Follow us on

Featured Blu-ray / DVD Review: This is 40

March 19th, 2013

This is 40 - Buy from Amazon: DVD or Blu-ray Combo Pack

This is 40 is a spin-off from Knocked-Up, which remains Judd Apatow's biggest hit and one of his most loved films. It had high expectations associated with it, but it failed to live up to them. Is it a case of the expectations being just too high? Or did it struggle because it is a flawed film?

The Movie

The film begins with Peter and Debbie having sex in the shower. It's going great, until Peter admits he took Viagra. This ends sexy funtime right away. Debbie's not happy, partially because it sounds like Peter needs Viagra to have sex with her, but mainly because it is a sign they are getting older. She's turning 40 this year, and she's not taking it very well. The first step in dealing with getting older in a more mature way is denial, so she's pretending she's turning 38. It's going to be hard to avoid dealing with that, because their birthdays are the same week and they are both turning 40.

They also have to deal with family issues. Sadie has become a teenager and is fighting a lot, especially with Charlotte, her eight-year old sister. Debbie is also upset her father, Oliver, hasn't called her, even though it's her 40th birthday. Peter's father, Larry, is constantly broke and always borrowing money. This wouldn't be too bad, except Peter's Indie record label is struggling, while Debbie thinks one of her employees at her boutique, Desi, is stealing from her. Jodi, her other employee, plants that idea. The two do not get along, so it could be just an escalation of the fighting, but Desi is definitely living a better life than her paycheck would account for. Each have some friends they can confide in. Debbie can talk to her trainer, Jason, while Peter has Barry, his best friend.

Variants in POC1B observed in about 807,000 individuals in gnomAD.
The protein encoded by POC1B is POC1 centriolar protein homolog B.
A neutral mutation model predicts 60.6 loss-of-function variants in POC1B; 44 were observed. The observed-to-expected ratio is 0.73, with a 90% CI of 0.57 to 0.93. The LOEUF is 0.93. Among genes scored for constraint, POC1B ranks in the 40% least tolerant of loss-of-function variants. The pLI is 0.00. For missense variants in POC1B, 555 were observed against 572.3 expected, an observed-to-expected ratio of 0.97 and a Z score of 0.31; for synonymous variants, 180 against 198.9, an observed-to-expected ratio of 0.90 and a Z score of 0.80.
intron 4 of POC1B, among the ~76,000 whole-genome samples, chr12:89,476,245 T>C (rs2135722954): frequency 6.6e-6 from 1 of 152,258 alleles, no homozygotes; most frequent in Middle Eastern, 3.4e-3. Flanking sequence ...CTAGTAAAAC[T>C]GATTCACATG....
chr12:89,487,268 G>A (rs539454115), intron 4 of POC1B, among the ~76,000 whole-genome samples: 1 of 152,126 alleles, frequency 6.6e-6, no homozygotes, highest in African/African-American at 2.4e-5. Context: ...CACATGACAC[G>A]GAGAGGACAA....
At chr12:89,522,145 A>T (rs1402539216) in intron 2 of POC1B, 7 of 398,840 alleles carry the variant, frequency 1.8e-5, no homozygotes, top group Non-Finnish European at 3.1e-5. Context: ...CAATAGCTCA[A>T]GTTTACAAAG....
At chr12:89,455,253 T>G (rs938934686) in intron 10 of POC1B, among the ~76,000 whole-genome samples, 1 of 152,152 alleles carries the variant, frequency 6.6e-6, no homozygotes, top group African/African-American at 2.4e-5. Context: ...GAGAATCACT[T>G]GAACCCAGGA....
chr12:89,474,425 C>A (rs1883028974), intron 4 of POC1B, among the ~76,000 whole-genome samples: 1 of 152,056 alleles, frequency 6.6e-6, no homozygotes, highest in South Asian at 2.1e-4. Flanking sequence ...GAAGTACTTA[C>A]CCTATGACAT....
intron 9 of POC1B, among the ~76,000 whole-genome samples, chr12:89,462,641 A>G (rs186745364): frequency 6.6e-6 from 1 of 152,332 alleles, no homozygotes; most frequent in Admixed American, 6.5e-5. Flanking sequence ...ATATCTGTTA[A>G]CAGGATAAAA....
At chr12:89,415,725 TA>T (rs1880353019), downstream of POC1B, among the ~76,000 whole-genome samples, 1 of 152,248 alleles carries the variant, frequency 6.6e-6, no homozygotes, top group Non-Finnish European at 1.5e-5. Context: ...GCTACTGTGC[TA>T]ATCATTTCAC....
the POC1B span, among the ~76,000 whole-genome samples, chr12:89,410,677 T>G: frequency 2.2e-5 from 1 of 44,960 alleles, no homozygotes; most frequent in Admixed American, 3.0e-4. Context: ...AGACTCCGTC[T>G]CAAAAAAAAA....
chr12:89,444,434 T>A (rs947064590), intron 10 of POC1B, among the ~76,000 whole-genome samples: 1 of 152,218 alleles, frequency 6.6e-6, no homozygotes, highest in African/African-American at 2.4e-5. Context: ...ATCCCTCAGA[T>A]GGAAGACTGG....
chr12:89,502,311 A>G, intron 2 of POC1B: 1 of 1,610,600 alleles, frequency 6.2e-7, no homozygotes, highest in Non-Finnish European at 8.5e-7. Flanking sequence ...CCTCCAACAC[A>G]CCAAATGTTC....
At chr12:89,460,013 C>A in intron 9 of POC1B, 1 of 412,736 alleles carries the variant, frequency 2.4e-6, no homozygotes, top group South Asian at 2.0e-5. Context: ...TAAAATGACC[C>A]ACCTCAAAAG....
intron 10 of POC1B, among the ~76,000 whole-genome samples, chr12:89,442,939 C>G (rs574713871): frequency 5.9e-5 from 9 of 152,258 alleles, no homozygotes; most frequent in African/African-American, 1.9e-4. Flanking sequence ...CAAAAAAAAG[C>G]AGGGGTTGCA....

That's it for the plot, for the most part. The movie is not plot driven as much as it is a character study. There's mostly people talking about various topics. There's also a lot of disconnected scenes, like after Debbie decides she and Peter should concentrate on their health more, there's a montage of them at the doctors and the dentist. It doesn't add much to the plot, but the small medical problems are a great source of laughter. Peter interacting with his father has a lot of humor, although their relationship is dysfunctional to the point that it is cringe-worthy at times. There is also a very good cameo by Melissa McCarthy and Megan Fox shows she can act. Finally, while Maude and Iris Apatow got the roles because they are Judd Apatow's and Leslie Mann's daughters they show they can also act.

On the other hand... 134 minutes. This movie is 134 minutes long. There is a really good 90 minute or maybe a two-hour movie in here, but at 134 minutes, the hit to miss ratio suffers. Even funny scenes tend to go on a little too long and this really hurts the film's overall effectiveness. It is still a good movie, but it is nowhere near as good as the original.

The Extras

Extras on the DVD include an audio commentary track, deleted scenes, Line-O-Rama, outtakes, and additional music. The Blu-ray has a lot more outtakes, deleted scenes, etc. There is also a two-part, 50-minute making of featurette. There is an 11-minute behind-the-scenes featurette on Albert Brooks. There is also a featurette on Graham Parker, who is one of Peter's clients in the movie. Triumph, the Insult Comic Dog interviews much of the cast. This makes sense, as Robert Smigel provides the voice for Triumph and plays Barry. Kids on the Loose 3 looks at Maude and Iris Apatow. There's a fake commercial for Jason. Finally, Judd Apatow was interviewed on Terry Gross's radio show on WHYY.

The technical presentation is good, but not great, but this was expected. There's nothing inherently wrong with the video, but it's a dialogue driven comedy, so there's not a lot of visual flair here. There's solid details, great colors, etc. There's no compression issues or digital manipulation to deal with. The audio has very clear dialogue, but like the video, there's not a lot of flair. There's enough separation and activity in the surround sound speakers to not feel barren, but it is not a very complicated track.

The DVD costs $17, while the Blu-ray combo pack costs $20. That's a great deal, considering all of the exclusive extras.

The Verdict

This is 40 doesn't live up to Knocked-Up and it is too long and too many scenes overstay their welcome. That said, it is still worth checking out and the DVD and especially the Blu-ray Combo Pack have more than enough extras to warrant purchasing over just renting.

- Submitted by:

Filed under: Video Review, This is 40, Judd Apatow, Albert Brooks, Megan Fox, John Lithgow, Leslie Mann, Melissa McCarthy, Paul Rudd, Jason Segel, Robert Smigel, Charlyne Yi, Maude Apatow, Iris Apatow, Graham Parker